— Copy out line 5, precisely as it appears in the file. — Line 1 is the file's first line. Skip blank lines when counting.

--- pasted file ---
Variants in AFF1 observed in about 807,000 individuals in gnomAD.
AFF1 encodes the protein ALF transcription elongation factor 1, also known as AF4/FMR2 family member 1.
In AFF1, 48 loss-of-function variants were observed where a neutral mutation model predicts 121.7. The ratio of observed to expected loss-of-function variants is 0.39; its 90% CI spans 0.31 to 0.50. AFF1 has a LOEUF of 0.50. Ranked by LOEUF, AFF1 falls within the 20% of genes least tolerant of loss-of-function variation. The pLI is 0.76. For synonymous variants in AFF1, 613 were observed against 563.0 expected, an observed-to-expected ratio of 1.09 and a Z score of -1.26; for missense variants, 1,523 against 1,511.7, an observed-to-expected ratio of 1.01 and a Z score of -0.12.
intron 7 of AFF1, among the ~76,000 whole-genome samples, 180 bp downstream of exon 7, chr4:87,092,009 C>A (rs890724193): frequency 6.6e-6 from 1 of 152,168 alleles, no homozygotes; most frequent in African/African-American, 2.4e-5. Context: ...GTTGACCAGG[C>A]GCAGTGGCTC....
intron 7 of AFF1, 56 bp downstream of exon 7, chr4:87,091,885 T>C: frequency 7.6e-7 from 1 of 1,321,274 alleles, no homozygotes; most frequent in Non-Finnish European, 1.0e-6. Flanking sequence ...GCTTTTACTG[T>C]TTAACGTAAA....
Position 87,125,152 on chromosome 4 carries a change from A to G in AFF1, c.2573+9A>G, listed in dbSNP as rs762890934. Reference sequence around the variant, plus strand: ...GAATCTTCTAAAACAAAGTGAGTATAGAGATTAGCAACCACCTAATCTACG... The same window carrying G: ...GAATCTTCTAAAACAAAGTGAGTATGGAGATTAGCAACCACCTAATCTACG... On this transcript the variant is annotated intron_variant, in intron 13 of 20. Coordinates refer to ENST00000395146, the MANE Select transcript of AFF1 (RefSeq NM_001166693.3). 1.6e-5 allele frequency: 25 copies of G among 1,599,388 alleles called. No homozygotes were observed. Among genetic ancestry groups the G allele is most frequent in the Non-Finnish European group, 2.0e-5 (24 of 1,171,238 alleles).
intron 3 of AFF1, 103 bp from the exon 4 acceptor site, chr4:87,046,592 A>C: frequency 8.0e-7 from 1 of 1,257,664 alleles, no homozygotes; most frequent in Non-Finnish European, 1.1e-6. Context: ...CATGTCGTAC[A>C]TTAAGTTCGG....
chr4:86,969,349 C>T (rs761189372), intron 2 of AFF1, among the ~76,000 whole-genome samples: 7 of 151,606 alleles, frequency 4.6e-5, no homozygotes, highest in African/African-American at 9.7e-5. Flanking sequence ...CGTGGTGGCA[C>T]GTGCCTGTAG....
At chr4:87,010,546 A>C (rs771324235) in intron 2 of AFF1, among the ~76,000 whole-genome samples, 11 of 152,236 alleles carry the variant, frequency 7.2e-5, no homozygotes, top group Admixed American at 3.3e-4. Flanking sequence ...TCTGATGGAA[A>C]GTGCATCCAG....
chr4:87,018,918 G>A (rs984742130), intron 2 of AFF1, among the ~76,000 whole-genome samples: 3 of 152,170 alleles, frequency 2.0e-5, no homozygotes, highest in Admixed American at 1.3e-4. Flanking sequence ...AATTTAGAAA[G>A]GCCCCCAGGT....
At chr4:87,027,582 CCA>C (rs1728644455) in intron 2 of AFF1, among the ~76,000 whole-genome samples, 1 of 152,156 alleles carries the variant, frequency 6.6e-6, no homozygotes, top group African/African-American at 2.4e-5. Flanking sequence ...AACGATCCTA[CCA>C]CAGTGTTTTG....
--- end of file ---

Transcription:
intron 7 of AFF1, 56 bp downstream of exon 7, chr4:87,091,885 T>C: frequency 7.6e-7 from 1 of 1,321,274 alleles, no homozygotes; most frequent in Non-Finnish European, 1.0e-6. Flanking sequence ...GCTTTTACTG[T>C]TTAACGTAAA....